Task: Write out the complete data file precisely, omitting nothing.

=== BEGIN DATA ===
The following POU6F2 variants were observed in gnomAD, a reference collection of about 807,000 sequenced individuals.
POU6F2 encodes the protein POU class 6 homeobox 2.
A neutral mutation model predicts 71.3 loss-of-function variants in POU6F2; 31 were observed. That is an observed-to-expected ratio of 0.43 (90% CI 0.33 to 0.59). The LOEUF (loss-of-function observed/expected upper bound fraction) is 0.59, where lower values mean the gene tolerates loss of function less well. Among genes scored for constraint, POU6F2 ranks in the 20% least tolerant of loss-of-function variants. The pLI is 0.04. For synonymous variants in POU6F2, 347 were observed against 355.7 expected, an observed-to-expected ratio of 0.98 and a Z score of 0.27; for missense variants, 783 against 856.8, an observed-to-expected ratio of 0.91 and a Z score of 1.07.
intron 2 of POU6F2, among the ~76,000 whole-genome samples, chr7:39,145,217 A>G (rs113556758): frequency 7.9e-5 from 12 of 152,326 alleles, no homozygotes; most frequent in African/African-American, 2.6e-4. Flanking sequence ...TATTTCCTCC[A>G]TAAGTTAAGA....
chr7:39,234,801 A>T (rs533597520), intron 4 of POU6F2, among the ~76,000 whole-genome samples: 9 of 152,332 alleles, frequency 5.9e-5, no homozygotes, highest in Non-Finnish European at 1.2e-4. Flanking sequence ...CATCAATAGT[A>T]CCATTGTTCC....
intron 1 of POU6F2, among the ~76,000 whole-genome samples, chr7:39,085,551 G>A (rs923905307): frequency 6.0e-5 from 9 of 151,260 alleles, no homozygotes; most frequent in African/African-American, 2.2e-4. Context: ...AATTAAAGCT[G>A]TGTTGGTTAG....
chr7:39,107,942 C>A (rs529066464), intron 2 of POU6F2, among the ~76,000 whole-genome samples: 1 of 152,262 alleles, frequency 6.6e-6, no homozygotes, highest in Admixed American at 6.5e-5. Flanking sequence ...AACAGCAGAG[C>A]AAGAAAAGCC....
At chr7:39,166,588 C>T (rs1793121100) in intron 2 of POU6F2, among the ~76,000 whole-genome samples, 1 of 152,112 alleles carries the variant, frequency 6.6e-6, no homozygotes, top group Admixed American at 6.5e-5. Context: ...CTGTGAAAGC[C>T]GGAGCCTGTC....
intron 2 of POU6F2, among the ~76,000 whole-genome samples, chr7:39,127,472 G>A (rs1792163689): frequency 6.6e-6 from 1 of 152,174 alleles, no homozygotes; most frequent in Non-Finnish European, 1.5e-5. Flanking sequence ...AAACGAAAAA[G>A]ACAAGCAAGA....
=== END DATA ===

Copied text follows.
The following POU6F2 variants were observed in gnomAD, a reference collection of about 807,000 sequenced individuals.
POU6F2 encodes the protein POU class 6 homeobox 2.
A neutral mutation model predicts 71.3 loss-of-function variants in POU6F2; 31 were observed. That is an observed-to-expected ratio of 0.43 (90% CI 0.33 to 0.59). The LOEUF (loss-of-function observed/expected upper bound fraction) is 0.59, where lower values mean the gene tolerates loss of function less well. Among genes scored for constraint, POU6F2 ranks in the 20% least tolerant of loss-of-function variants. The pLI is 0.04. For synonymous variants in POU6F2, 347 were observed against 355.7 expected, an observed-to-expected ratio of 0.98 and a Z score of 0.27; for missense variants, 783 against 856.8, an observed-to-expected ratio of 0.91 and a Z score of 1.07.
intron 2 of POU6F2, among the ~76,000 whole-genome samples, chr7:39,145,217 A>G (rs113556758): frequency 7.9e-5 from 12 of 152,326 alleles, no homozygotes; most frequent in African/African-American, 2.6e-4. Flanking sequence ...TATTTCCTCC[A>G]TAAGTTAAGA....
chr7:39,234,801 A>T (rs533597520), intron 4 of POU6F2, among the ~76,000 whole-genome samples: 9 of 152,332 alleles, frequency 5.9e-5, no homozygotes, highest in Non-Finnish European at 1.2e-4. Flanking sequence ...CATCAATAGT[A>T]CCATTGTTCC....
intron 1 of POU6F2, among the ~76,000 whole-genome samples, chr7:39,085,551 G>A (rs923905307): frequency 6.0e-5 from 9 of 151,260 alleles, no homozygotes; most frequent in African/African-American, 2.2e-4. Context: ...AATTAAAGCT[G>A]TGTTGGTTAG....
chr7:39,107,942 C>A (rs529066464), intron 2 of POU6F2, among the ~76,000 whole-genome samples: 1 of 152,262 alleles, frequency 6.6e-6, no homozygotes, highest in Admixed American at 6.5e-5. Flanking sequence ...AACAGCAGAG[C>A]AAGAAAAGCC....
At chr7:39,166,588 C>T (rs1793121100) in intron 2 of POU6F2, among the ~76,000 whole-genome samples, 1 of 152,112 alleles carries the variant, frequency 6.6e-6, no homozygotes, top group Admixed American at 6.5e-5. Context: ...CTGTGAAAGC[C>T]GGAGCCTGTC....
intron 2 of POU6F2, among the ~76,000 whole-genome samples, chr7:39,127,472 G>A (rs1792163689): frequency 6.6e-6 from 1 of 152,174 alleles, no homozygotes; most frequent in Non-Finnish European, 1.5e-5. Flanking sequence ...AAACGAAAAA[G>A]ACAAGCAAGA....